pv magazine: Last March, you said industrial trials with your customers were underway, and that the goal was to offer rPET material backsheets across the entire range of Mylar UVHPET products. How did the trials go, and has the goal been achieved?
Steven Davis, EMEA market manager, DuPont Teijin Films: We have successfully manufactured a number of different Mylar UVHPET grades with post-consumer and post-industrial recycled content utilizing the LuxCR depolymerization process based at our plant in Luxembourg – a development that we were really proud to receive the Intersolar award 2021 for. Our partner Coveme then converted these into a range of backsheet structures for 1000 and 1500V applications, and those industrial trials have been successful with the film passing all of our weathering protocols. We are confident that backsheets with recycled content is a technically viable option, reducing the carbon footprint of our products and importantly giving another life to plastic waste.
How much recycled content can now be incorporated in your products?
Although higher levels are technically possible, we are targeting 33% content as we believe it gives a significant carbon footprint reduction and is consistent with various pieces of legislation in different markets which target 30 % recycled content as a benchmark.
You also mentioned that DuPont Teijin Films is in the process of running proof of principle trials to demonstrate the commercial feasibility of a true closed loop recycling process, where PV backsheets can be recovered and used as a raw material for new production. What progress have you made here?
Working with Coveme and ENEA, the Italian National Agency for new technologies, energy and sustainable economic development, we were able to demonstrate that backsheets can be successfully separated from the rest of the solar module, and then this recovered material can be recycled via glycolysis into two distinct plastic fractions.
The high value fraction is the recovered monomer (BHET), and we were able to demonstrate that the purity of this material was similar to virgin material and suitable for subsequent conversion into high end PET applications including backsheet films. The residual fraction was made up of the primer and adhesive layers and this was suitable as a feedstock for pyrolysis or energy recovery.
We are actively pursuing this concept and are looking for partners to run industrial scale size trials, partly to generate more data but most importantly to test out the economic viability of this process in the future.
What are you focusing on in 2022?
In terms of product development our key focus is the continued scale up of clear films for both frontsheet and backsheet applications. From a sustainability perspective there is a significant carbon footprint saving by using Mylar UVHPET based clear backsheets when compared to fluorinated alternatives and particularly compared to double glass modules.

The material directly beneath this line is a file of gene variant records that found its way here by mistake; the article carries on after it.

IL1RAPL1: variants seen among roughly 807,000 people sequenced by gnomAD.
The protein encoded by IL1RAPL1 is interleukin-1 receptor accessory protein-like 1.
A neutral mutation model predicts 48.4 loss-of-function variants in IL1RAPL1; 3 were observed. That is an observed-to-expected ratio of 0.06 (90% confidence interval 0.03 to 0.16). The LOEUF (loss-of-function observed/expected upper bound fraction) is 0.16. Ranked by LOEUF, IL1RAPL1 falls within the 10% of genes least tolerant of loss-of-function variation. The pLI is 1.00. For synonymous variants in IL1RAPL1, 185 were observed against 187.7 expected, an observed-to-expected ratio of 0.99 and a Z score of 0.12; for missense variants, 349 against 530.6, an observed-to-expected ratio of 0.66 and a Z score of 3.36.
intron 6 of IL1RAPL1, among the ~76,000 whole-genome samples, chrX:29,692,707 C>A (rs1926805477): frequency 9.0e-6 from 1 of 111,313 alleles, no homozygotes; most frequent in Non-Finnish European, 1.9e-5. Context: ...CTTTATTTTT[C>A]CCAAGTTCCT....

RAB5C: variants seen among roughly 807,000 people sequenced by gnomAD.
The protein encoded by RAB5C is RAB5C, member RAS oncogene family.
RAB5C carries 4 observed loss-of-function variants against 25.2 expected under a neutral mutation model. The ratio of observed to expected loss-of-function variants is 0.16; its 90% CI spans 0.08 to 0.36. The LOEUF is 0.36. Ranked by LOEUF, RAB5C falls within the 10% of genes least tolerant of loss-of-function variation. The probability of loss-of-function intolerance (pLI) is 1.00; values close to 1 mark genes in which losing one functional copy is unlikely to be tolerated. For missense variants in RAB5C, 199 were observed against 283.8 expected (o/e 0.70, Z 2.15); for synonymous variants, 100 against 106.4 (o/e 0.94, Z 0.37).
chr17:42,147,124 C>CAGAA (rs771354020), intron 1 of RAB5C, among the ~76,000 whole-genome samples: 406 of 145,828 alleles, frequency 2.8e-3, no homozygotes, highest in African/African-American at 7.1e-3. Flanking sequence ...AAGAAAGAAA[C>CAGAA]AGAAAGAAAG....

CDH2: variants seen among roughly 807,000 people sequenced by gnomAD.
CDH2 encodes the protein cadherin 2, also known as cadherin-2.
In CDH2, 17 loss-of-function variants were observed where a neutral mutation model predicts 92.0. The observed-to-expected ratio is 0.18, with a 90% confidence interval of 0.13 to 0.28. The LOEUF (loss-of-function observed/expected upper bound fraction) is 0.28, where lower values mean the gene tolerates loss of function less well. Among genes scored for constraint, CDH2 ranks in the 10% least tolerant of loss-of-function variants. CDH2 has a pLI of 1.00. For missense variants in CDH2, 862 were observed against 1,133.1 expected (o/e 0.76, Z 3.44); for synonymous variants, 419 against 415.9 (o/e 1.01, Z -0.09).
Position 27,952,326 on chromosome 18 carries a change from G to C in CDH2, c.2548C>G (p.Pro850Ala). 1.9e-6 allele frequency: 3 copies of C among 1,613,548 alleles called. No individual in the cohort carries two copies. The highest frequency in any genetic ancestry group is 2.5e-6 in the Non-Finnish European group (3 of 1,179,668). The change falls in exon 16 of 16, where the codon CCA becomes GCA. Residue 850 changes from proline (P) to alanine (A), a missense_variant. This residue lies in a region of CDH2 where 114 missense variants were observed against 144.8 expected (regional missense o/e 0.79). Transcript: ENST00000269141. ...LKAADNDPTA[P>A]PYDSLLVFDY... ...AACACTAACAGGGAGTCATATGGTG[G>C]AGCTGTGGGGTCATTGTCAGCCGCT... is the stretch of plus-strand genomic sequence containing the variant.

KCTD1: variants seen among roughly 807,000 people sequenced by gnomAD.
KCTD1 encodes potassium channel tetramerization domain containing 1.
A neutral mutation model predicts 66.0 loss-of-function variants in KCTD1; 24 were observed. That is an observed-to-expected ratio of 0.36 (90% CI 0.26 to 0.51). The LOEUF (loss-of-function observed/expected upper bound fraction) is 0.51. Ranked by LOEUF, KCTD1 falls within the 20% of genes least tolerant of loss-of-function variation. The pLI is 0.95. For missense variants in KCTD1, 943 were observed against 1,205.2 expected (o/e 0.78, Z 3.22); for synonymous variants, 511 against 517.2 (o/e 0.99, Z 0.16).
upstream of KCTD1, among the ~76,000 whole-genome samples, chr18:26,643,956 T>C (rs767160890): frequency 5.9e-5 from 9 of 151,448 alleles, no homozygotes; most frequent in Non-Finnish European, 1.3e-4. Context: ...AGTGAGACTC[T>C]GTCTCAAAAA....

On the broader topic of sustainability, I believe our key task is to continue to present our test data and to share the track record of Mylar UVHPET based backsheets to make the case that a more sustainable backsheet is possible without compromising on product performance.
As the amount of modules reaching their end of life continue to rise we are already starting to see issues with the safe and economic disposal of a plastic fraction with a high level of fluorinated material already hitting the limits for disposal. This issue is going to continue to grow, and I think it is critical that we design for recycling now, and only use hazardous materials in module manufacture where there is a clear technical benefit of doing so.
The most important role a backsheet has is protecting the solar module throughout its lifetime, and the other issue we are spending resources on investigating is the growing use of coated backsheets, and whether these relatively thin, soft coatings can really protect modules from the kind of damage that can occur in the transit, installation, and maintenance of modules, and critically in harsh climates such as deserts where damage from sand can be a real issue. We now have a lot of data to show that certain coatings do not provide adequate protection in our opinion, and that potentially the drive for cost reductions is compromising product performance.
What other sustainability advancements has DuPont Teijin Films been working on?
It is a cliché, but sustainability really is a journey and like everyone else we are continually learning more about this topic. We are actively looking to engage with our customers and suppliers on this topic, which I believe is especially important as we all focus on how to reduce our scope 1, 2, and 3 emissions. We recently achieved a gold rating from EcoVadis which ranks us in the top 6% of comparable companies when it comes to sustainability which we are very proud of, and we continue to integrate best practice from Operation Clean Sweep into all of our manufacturing facilities.
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